It’s strange to me how much the presence or absence of people changes my experience of a place. In the daytime this beach is bustling with activity, which many people seem to enjoy so much. For me, it’s too much going on. I feel like I have to keep track of it all and I can’t, and that gets stressful. With a dedicated effort of willpower I can start to ignore everything that’s going on. But walking out here at night it is entirely deserted. Then the quiet lapping of the water on the sand and the twinkle of the stars are able to fill the void left by all the people.
Taken in Cuba
24mm, f1.4, 15 seconds
These fireflies seemed to like the swampy areas, but as the night went on they spread out to fly through the trees and around the meadows.
Taken in central Manitoba.
21mm, f5, 13 seconds
A couple nights ago we got a spectacular display of northern lights here. Elk Island National Park is a dark sky preserve near Edmonton, and it was a great place to view them. Although a lot of people had a similar idea.
Also, if you missed the update on my last post, you can sign up for a Wildlife Photography Course I’m teaching at the Edmonton Valley Zoo here: City of Edmonton > Activities > Courses
12mm, f2.8, 20 seconds
This feeling is predictable and it has very little to do with photography. It goes on: “I’ve already taken all my best shots. I might as well quit now. What’s the point of going out trying to get more photos? My photos aren’t that good anyway. And even if I do take good photos, why? Does anyone care? I’m not saving any lives, or improving anyone’s living conditions.”
In the morning light, my brain isn’t as critical as in the dead of night. I start developing some photos I missed from a trip last year, and I actually start to like them. I realize maybe I’m not horrible. But even on good days, the negatives linger in the back of my mind, waiting for their chance to work their way into my thoughts.
I think this is something a lot of people struggle with – regardless of their profession or hobby. Ignoring the negative thoughts sometimes works for a bit, just so I can be productive, but the problem is that they have an edge of truth. So then I have to take a step back, try to be objective, and decide whether I’m on the right track. Find the things that are good and true and believable.
I think adding to the beauty of the world is important, and I have the ability to do that. I might even be able to pique interest in the world around us. I think a sense of wonder and curiosity can make life immeasurably better. And even though this isn’t necessarily saving any lives, I think it adds to the net good of the world. And I’m satisfied with that.
A cedar forest in Pacific Rim National Park.
12mm, f4, 1/40 of a second
Last weekend Anna and I finally got a chance to get out to the mountains, and it was a trip for trying new things. For the first time ever we tried snowshoeing together, cross-country skiing together, and winter camping. I was also giving my Olympus OM-D a torture test to see how much it could replace my Canon 5D kit for hiking.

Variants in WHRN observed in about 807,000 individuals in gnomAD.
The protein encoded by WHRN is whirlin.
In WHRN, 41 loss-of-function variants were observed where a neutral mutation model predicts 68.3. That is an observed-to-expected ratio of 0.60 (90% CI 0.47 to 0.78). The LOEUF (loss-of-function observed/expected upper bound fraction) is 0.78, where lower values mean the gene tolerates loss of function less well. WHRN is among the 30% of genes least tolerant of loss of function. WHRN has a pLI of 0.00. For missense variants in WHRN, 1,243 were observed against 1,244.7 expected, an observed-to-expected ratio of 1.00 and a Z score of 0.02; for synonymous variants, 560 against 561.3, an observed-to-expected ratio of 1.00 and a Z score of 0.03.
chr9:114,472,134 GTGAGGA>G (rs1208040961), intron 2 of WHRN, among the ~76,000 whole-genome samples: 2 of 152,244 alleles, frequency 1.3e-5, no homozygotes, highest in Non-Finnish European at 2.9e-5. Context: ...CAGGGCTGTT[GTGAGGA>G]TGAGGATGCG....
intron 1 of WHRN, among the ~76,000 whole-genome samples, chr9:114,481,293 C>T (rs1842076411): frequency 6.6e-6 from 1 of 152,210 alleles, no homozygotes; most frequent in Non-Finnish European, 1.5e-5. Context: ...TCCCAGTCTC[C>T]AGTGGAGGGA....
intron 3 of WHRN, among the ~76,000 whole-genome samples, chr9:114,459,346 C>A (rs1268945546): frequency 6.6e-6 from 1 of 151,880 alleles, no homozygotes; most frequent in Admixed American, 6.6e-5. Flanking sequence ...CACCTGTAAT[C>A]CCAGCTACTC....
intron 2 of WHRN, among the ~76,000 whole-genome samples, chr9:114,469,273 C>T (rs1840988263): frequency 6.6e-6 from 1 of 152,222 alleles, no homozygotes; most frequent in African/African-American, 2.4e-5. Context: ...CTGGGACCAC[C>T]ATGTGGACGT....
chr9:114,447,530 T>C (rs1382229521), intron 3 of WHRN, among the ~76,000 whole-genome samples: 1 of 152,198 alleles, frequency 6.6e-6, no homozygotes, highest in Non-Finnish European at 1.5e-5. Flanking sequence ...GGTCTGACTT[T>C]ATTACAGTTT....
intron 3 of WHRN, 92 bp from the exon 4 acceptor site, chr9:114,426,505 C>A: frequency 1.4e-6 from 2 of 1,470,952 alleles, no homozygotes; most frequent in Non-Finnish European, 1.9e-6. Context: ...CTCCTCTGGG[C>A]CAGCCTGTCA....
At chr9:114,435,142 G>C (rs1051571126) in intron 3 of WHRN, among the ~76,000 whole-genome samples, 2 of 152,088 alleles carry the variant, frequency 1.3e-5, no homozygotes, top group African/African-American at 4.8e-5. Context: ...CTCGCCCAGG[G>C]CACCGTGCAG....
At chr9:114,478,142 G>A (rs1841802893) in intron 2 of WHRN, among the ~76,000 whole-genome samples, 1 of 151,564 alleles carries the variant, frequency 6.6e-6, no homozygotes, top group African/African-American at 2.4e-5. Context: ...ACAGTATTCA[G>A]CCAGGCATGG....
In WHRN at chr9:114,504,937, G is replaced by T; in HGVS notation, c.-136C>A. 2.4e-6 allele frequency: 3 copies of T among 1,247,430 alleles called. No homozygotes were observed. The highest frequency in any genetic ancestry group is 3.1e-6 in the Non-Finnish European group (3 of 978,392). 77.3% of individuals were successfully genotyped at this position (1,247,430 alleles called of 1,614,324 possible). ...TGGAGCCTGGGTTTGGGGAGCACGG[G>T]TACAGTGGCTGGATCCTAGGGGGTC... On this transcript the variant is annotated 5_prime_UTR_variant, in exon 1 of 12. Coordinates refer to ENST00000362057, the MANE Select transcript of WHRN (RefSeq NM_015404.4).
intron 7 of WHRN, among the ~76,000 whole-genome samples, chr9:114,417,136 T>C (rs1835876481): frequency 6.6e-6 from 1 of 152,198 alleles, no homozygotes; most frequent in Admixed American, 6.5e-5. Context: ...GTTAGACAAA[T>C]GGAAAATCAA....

Snowshoeing works great and is my new favorite way of getting around in winter. It lets me get wherever I want in any conditions with my hands free for photography, which is perfect for me. Skiing was a lot more fun as an activity, but I found it quite hard to mix with photography. Winter camping actually worked a lot better than expected and we slept cosily through the whole night!
I’ll post a review of my little OM-D in a bit, for now I’ll just start posting pictures from it. This photo is from Panther Falls — icicles forming against an overcast sky. I’m looking forward to printing this pretty large — the details in the ice are fantastic!
f7.1, 1/1600 of a second, 100mm
(I’ll be stating actual focal length here, not equivalent – more on this in my OM-D review)
New (old) car. Check.
Trip to BC. Check.
Time to make this site an interesting place to visit again. Check.
Expect more soon. 🙂
(The two photos are from a foggy road near the North Thompson River – 20mm,f9,1/160 of a second – and on the beach at night near Tofino – 17mm,f4.5,10 seconds)
This was a 20 second exposure on a clear, still, moonless night in Dillberry Lake Provincial Park. This took some accurate esimating of the distance from me to the tree and a focus distance indicator on my lens. I’m not sure if some modern SLRs could autofocus in this kind of darkness, but mine certainly can’t.
I’m starting to enjoy night photography more all the time. It forces me to slow down — once it’s dark there’s really no rushing necessary. Sunsets and sunrises can be a little more stressful as they’re very time-limited. Finding the balance between enjoying the outdoors and becoming a professional photographer can sometimes be hard. There’s always pressure to get a better shot, a different composition. But coming up with something new is also extremely rewarding.
Last night at 2:14am, this was the view from a field in Blackfoot Recreation Area. It was absolutely incredible to watch the northern lights swirl across the sky – mostly green but tinged with red.
I’ve rarely seen them brighter than this. The only time I remember was when I was 7 years old, at the house in the country where I grew up. I remember my whole family standing out in the back yard, staring straight up as northern lights of all different colors cut through the black sky above us. And I remember hearing a whooshing sound as they moved.
I pick the worst times for vacations. The roads were as bad as they’ve been in recent memory and in Banff it was either close to -30 or snowing the whole time. I think I got some good shots though – this was from yesterday, a frigid night on Lake Louise.